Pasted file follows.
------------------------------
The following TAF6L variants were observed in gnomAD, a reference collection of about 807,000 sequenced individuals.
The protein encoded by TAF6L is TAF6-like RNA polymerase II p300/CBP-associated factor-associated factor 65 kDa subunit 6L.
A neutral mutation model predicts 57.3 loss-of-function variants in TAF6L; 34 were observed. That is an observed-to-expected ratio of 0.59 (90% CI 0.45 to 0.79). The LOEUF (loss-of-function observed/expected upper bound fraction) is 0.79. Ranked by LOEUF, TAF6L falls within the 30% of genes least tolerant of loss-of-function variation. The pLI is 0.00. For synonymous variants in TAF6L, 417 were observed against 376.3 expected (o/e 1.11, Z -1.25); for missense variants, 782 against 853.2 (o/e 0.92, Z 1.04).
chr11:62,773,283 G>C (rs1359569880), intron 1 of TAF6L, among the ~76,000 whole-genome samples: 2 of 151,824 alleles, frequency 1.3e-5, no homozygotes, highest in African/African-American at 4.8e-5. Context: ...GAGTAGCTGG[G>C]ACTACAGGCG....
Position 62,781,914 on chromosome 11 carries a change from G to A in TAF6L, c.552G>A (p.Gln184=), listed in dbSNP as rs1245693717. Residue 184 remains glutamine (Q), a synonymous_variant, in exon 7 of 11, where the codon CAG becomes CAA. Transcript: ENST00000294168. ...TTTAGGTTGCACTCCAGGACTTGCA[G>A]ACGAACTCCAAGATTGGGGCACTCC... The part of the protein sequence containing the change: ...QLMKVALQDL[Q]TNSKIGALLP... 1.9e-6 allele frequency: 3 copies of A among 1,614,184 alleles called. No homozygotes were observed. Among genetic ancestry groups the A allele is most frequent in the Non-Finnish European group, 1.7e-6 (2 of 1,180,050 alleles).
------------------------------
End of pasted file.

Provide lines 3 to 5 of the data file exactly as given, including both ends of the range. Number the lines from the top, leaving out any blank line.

A neutral mutation model predicts 57.3 loss-of-function variants in TAF6L; 34 were observed. That is an observed-to-expected ratio of 0.59 (90% CI 0.45 to 0.79). The LOEUF (loss-of-function observed/expected upper bound fraction) is 0.79. Ranked by LOEUF, TAF6L falls within the 30% of genes least tolerant of loss-of-function variation. The pLI is 0.00. For synonymous variants in TAF6L, 417 were observed against 376.3 expected (o/e 1.11, Z -1.25); for missense variants, 782 against 853.2 (o/e 0.92, Z 1.04).
chr11:62,773,283 G>C (rs1359569880), intron 1 of TAF6L, among the ~76,000 whole-genome samples: 2 of 151,824 alleles, frequency 1.3e-5, no homozygotes, highest in African/African-American at 4.8e-5. Context: ...GAGTAGCTGG[G>C]ACTACAGGCG....
Position 62,781,914 on chromosome 11 carries a change from G to A in TAF6L, c.552G>A (p.Gln184=), listed in dbSNP as rs1245693717. Residue 184 remains glutamine (Q), a synonymous_variant, in exon 7 of 11, where the codon CAG becomes CAA. Transcript: ENST00000294168. ...TTTAGGTTGCACTCCAGGACTTGCA[G>A]ACGAACTCCAAGATTGGGGCACTCC... The part of the protein sequence containing the change: ...QLMKVALQDL[Q]TNSKIGALLP... 1.9e-6 allele frequency: 3 copies of A among 1,614,184 alleles called. No homozygotes were observed. Among genetic ancestry groups the A allele is most frequent in the Non-Finnish European group, 1.7e-6 (2 of 1,180,050 alleles).